Furthermore, newer research is showing the danger of receiving a second head injury in the hours and days following the first injury. This is known as ‘Second impact syndrome’ (SIS). If the first injury has shut down the brain waves sufficiently, the second injury can cause brain bleeding and swelling much more than it would normally, if it had been a first-time impact, and in nearly 50% of cases it can be fatal. (Richard Roberts “Impact on the Brain”, Scientific American – Mind. December 2018)

The conventional way to identify if a blow to the head or a sudden deceleration has caused a dangerous complication like bleeding in the brain, was to watch the individual for any signs of speech or motor coordination problems in the minutes and hours after the injury. So, all sports coaches and even parents of kids who ride bikes around furiously, must be aware of the dangers and look for the signs such as feeling dizzy, losing balance, poor coordination, headache, nausea, blurred vision or hearing, sensitivity to noise and light. The most worrying symptom is the fact that the person has had a prior head injury, even as far back as months before.

However, a few days after the head injury, when these extreme symptoms have passed, people can be left with a plethora of nonspecific issues that are often misattributed to other conditions such as ADHD, sleep disorders, depression or even malingering.

Nowadays with a non-invasive qEEG/ERP assessment, it is possible to identify past head injuries with a high degree of accuracy (Thornton, K. E. (1999). Exploratory investigation into mild brain injury and discriminant analysis with high frequency bands (32-64 Hz). Brain Injury, 13(7), 477-488), and identify the brain regions and networks that need improvement.

Dr Daniel Amen

Dr Daniel Amen has some very interesting videos including a Ted talk

“The most important lesson from 83,000 brain scans” and “Concussions & Pro Football: 1 Team Wins, All Players Lose”.

Amen Clinics Website

Dr Daniel Amen

Concussions & Pro Football: 1 Team Wins, All Players Lose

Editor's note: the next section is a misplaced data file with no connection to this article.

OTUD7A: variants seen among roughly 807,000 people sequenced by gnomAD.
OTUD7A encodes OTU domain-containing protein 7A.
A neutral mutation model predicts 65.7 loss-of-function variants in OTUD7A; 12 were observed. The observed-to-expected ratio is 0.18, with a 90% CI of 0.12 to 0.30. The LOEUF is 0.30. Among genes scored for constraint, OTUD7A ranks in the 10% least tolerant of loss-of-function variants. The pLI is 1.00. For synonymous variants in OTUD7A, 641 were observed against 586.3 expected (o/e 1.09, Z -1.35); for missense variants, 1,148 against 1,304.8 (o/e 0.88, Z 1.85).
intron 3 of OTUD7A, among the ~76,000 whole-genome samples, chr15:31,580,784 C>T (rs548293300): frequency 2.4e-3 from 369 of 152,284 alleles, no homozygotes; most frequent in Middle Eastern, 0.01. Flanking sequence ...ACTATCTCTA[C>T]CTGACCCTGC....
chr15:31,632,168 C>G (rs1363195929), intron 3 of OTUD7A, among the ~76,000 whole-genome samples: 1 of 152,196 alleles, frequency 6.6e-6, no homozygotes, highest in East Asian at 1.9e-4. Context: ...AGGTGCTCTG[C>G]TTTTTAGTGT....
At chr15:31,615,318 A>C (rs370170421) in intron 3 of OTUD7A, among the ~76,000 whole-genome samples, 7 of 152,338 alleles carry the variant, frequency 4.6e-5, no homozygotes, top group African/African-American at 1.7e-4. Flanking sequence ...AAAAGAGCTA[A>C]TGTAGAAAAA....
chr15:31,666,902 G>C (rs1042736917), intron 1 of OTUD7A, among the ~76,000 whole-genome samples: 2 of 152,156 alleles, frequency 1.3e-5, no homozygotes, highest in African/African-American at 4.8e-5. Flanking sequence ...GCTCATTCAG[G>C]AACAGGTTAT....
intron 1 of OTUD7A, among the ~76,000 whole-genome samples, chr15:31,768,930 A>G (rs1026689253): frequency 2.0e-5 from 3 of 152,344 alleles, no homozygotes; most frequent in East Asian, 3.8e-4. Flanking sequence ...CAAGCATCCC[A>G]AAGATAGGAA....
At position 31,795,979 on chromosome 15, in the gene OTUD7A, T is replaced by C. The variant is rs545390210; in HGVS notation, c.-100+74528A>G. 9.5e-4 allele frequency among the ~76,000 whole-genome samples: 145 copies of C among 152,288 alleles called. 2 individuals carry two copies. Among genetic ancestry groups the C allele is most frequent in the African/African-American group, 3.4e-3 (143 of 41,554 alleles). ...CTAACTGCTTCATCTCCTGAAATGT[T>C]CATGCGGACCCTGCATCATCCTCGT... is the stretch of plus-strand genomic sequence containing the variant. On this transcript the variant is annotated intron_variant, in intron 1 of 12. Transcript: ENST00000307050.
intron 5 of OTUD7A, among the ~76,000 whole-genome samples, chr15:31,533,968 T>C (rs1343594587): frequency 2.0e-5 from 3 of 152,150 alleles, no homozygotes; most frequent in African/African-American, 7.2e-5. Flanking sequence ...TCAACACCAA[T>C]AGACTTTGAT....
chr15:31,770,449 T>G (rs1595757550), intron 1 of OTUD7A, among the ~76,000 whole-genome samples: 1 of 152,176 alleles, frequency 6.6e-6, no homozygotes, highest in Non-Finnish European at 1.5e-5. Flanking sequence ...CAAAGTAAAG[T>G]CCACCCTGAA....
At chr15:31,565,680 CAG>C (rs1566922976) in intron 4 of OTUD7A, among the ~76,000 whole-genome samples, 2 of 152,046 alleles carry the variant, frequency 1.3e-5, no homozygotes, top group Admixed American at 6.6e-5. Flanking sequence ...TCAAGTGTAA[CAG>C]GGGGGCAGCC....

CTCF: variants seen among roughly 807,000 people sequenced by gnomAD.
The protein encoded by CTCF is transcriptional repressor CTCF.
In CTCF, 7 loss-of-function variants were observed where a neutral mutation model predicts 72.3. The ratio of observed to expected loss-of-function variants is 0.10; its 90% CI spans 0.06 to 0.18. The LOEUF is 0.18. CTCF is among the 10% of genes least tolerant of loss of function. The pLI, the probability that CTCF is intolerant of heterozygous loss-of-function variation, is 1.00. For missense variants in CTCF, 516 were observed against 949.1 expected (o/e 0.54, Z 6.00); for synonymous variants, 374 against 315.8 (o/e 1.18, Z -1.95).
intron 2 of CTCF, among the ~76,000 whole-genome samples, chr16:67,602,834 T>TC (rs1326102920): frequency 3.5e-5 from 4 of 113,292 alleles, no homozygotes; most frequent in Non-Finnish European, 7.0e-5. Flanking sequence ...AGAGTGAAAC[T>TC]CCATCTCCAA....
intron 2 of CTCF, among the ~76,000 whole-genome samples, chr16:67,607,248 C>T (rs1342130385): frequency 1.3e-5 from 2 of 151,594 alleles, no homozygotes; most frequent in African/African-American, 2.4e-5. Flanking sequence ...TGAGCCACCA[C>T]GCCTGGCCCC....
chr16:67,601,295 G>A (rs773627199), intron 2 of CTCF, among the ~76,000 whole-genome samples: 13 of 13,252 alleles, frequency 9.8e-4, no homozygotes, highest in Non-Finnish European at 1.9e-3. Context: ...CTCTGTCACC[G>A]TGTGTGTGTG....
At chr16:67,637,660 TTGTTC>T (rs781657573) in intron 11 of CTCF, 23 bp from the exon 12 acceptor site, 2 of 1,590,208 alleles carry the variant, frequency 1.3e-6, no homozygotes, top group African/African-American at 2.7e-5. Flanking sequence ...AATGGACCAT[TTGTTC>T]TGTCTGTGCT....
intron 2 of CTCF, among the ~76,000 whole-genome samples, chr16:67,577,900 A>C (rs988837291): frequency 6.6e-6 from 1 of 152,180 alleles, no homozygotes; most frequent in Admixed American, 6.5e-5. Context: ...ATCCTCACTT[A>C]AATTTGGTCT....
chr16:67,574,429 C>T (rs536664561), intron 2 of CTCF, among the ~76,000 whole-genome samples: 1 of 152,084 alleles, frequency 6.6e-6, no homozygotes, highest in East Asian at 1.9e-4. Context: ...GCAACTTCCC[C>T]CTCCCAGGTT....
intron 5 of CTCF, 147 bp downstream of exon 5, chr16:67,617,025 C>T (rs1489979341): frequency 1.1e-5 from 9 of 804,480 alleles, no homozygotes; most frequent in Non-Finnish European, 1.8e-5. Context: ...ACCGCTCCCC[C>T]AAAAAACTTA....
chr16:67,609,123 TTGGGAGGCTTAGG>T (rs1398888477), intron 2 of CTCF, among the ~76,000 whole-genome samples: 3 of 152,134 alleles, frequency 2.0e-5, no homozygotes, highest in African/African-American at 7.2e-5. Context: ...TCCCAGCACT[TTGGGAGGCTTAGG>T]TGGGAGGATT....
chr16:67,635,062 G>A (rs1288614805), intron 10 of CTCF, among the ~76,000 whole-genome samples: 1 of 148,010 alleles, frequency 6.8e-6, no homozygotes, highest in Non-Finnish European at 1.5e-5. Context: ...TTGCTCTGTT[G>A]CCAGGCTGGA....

Dr. Mushtagh, ND

Talks about self-healing and the connection between head injuries and ADHD.

IMH Concussion Clinic


Duff, J., The usefulness of Quantitative EEG (QEEG) and Neurotherapy in the Assessment, and Treatment of Post-Concussion Syndrome. Clinical EEG and Neuroscience, 2004. 35(4): p. 1-12. Paper.

Voller, B., et al., Neuropsychological, MRI and EEG findings after very mild traumatic brain injury. Brain Inj, 1999. 13(10): p. 821-7. Paper.

Thatcher, R.W., et al., Biophysical Linkage between MRI and EEG Amplitude in Closed Head Injury. Neuroimage, 1998. 7(4): p. 352-367. Papers.

Thatcher, R.W., et al., Biophysical linkage between MRI and EEG coherence in closed head injury. Neuroimage, 1998. 8(4): p. 307-26. Paper.

Thatcher, R.W., et al., EEG discriminant analyses of mild head trauma. Electroencephalogr Clin Neurophysiol, 1989. 73(2): p. 94-106. Paper.

Thatcher, R.W., et al., QEEG and traumatic brain injury: rebuttal of the American Academy of Neurology 1997 report by the EEG and Clinical Neuroscience Society. Clin Electroencephalogr, 1999. 30(3): p. 94-8. Paper.

Sterman, M.B., Sensorimotor EEG operant conditioning: Experimental and clinical effects. Pavlovian Journal of Biological Science, 1977. 12(2): p. 63-92.

Sterman, M.B., EEG biofeedback: physiological behavior modification. Neurosci Biobehav Rev, 1981. 5(3): p. 405-12. Paper.

Thatcher, R.W., EEG operant conditioning (biofeedback) and traumatic brain injury. Clin Electroencephalography, 2000. 31(1): p. 38-44. 

Concussion in General
Hugenholtz, H., et al., How long does it take to recover from a mild concussion? Neurosurgery, 1988. 22(5): p. 853-8.

Slagle, D.A., Psychiatric disorders following closed head injury: an overview of biopsychosocial factors in their etiology and management. The International Journal of Psychiatry in Medicine20(1), 1-35.

Fann, J.R., et al., Psychiatric disorders and functional disability in outpatients with traumatic brain injuries. Am J Psychiatry, 1995. 152(10): p. 1493-9. Paper.

Max, J.E., B.A. Robertson, and A.E. Lansing, The phenomenology of personality change due to traumatic brain injury in children and adolescents. J Neuropsychiatry Clin Neurosci, 2001. 13(2): p. 161-70. Paper.

Weinstein, E., Turner, M., Kuzma, B. B., & Feuer, H. (2013). Second impact syndrome in football: new imaging and insights into a rare and devastating condition: case report. Journal of Neurosurgery: Pediatrics, 11(3), 331-334. Paper.